Acute chest syndrome

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Acute chest syndrome

The acute chest syndrome is a vaso-occlusive crisis of the pulmonary vasculature commonly seen in people with sickle cell anemia. This condition commonly manifests with a new opacification of the lung(s) on a chest x-ray.[1]

Signs and symptoms

The crisis is a common complication in sickle-cell patients and can be associated with one or more symptoms including fever, cough, excruciating pain, sputum production, shortness of breath, or low oxygen levels.[2]


Acute chest syndrome is often precipitated by a lung infection, and the resulting inflammation and loss of oxygen saturation leads to further sickling of red cells, thus exacerbating pulmonary and systemic hypoxemia, sickling, and vaso-occlusion.[citation needed]


The diagnosis of acute chest syndrome is made difficult by its similarity in presentation with pneumonia. Both may present with a new opacification of the lung on chest x-ray. The presence of fevers, low oxygen levels in the blood, increased respiratory rate, chest pain, and cough are also common in acute chest syndrome. Diagnostic workup includes chest x-ray, complete cell count, reticulocyte count, ECG, and blood and sputum cultures. Patients may also require additional blood tests or imaging (e.g. a CT scan) to exclude a heart attack or other pulmonary pathology.[citation needed]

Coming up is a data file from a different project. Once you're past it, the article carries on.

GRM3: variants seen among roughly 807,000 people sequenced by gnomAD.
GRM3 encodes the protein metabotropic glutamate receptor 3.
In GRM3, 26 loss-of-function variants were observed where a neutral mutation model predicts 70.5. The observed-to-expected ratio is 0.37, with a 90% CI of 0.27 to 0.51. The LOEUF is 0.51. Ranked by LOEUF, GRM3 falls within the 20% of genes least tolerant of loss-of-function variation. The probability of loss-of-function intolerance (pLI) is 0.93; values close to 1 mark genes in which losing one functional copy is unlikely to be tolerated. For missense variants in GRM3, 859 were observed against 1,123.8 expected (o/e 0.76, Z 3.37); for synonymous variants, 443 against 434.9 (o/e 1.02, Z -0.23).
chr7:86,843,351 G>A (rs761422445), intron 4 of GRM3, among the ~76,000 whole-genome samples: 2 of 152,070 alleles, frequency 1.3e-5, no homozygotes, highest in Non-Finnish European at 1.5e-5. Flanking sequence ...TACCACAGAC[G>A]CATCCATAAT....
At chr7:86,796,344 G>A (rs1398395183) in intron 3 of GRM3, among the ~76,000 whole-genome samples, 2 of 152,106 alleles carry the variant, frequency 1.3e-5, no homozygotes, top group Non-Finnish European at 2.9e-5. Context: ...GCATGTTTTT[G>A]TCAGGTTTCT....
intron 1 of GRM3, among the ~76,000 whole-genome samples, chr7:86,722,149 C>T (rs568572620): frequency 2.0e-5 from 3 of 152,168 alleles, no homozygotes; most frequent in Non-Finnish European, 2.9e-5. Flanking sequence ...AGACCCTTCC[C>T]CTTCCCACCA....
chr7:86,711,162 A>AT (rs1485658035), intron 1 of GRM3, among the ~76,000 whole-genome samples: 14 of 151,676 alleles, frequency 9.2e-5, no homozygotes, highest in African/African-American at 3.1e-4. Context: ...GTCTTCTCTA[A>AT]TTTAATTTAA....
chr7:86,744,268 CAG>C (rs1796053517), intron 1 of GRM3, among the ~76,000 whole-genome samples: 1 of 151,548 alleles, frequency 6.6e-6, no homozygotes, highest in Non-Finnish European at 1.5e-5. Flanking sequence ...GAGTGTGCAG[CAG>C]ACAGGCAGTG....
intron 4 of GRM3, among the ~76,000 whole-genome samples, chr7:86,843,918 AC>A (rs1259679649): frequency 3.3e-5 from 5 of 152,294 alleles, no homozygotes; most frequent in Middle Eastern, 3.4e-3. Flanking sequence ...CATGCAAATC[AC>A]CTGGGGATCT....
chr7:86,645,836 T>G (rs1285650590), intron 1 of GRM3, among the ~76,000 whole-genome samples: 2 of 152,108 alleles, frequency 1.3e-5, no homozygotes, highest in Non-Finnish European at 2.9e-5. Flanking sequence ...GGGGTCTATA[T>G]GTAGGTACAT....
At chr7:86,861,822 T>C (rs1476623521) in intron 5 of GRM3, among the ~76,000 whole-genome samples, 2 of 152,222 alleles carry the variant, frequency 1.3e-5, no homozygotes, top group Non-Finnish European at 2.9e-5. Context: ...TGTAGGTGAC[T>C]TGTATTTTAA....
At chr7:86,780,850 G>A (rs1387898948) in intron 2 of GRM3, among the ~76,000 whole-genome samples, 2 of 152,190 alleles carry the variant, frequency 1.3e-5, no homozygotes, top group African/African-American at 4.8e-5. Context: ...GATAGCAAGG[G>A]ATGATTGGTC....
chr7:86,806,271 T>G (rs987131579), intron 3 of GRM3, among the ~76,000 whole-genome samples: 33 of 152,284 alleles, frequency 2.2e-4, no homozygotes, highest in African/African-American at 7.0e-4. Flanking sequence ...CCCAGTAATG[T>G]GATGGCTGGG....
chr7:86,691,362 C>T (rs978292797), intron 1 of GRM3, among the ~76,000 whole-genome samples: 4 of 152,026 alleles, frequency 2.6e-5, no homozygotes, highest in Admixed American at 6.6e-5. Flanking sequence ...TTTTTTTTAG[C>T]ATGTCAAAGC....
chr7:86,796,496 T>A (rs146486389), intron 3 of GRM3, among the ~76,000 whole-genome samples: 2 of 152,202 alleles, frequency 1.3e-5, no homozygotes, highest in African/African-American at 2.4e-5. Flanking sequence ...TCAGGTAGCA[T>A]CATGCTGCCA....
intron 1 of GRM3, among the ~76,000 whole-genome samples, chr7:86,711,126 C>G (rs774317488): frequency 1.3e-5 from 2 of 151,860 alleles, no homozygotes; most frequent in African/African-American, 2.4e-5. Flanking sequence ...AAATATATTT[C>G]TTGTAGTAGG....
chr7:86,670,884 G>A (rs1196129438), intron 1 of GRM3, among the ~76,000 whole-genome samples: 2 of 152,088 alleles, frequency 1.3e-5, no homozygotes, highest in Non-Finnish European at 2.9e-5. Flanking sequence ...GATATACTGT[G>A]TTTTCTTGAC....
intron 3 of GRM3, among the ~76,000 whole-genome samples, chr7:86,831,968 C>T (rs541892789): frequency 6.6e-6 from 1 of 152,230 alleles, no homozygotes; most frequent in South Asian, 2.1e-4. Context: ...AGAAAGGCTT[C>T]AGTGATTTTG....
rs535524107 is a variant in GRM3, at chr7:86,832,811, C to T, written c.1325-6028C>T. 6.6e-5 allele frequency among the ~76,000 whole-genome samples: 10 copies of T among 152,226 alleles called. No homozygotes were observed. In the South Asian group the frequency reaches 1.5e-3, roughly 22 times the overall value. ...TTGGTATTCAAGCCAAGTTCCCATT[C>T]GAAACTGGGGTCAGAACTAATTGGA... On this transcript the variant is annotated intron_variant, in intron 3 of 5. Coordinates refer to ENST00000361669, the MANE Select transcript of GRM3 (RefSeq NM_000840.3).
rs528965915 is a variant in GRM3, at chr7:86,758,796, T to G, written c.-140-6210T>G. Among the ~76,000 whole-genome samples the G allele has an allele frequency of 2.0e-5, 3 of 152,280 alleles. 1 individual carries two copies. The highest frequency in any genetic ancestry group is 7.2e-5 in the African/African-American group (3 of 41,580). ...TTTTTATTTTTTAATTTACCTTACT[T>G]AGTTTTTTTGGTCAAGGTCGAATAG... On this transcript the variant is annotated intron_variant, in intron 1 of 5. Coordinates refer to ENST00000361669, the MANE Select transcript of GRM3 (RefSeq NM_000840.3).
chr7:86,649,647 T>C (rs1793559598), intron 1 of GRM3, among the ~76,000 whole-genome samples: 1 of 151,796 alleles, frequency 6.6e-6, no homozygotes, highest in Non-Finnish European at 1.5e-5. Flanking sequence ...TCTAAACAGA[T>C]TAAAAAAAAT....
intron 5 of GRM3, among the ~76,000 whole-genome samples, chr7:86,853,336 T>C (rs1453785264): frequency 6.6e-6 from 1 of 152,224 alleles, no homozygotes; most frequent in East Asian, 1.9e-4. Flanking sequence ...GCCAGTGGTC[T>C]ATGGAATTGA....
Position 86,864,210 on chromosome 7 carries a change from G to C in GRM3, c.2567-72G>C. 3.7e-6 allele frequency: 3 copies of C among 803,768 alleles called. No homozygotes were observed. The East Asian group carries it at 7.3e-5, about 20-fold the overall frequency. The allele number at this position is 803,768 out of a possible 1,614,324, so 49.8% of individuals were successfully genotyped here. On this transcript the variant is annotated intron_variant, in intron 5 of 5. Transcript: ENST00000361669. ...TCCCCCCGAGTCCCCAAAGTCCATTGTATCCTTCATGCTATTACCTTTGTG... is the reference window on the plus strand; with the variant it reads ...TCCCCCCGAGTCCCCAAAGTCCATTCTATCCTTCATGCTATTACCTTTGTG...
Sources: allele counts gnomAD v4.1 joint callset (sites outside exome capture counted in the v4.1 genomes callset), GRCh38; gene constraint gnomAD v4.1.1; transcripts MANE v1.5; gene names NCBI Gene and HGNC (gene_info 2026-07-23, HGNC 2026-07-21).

Hydroxyurea is a medication that can help to prevent acute chest syndrome. It may cause a low white blood cell count, which can predispose the person to some types of infection.[3]


Broad spectrum antibiotics to cover common infections such as Streptococcus pneumoniae and mycoplasma, pain control, and blood transfusion. Acute chest syndrome is an indication for exchange transfusion.

Bronchodilators may be useful but have not been well studied.[4]


It may result in death,[5] and it is one of the most common causes of death for people with sickle cell anemia.[6]


  1. Sickle cell disease (SCD). Centers for Disease Control and Prevention. Retrieved January 7, 2015.
  2. "acute chest syndrome" at Dorland's Medical Dictionary
  3. Kumar, Abbas, Fausto. Robbins and Cotran: The Pathologic Basis of Disease, Page 631

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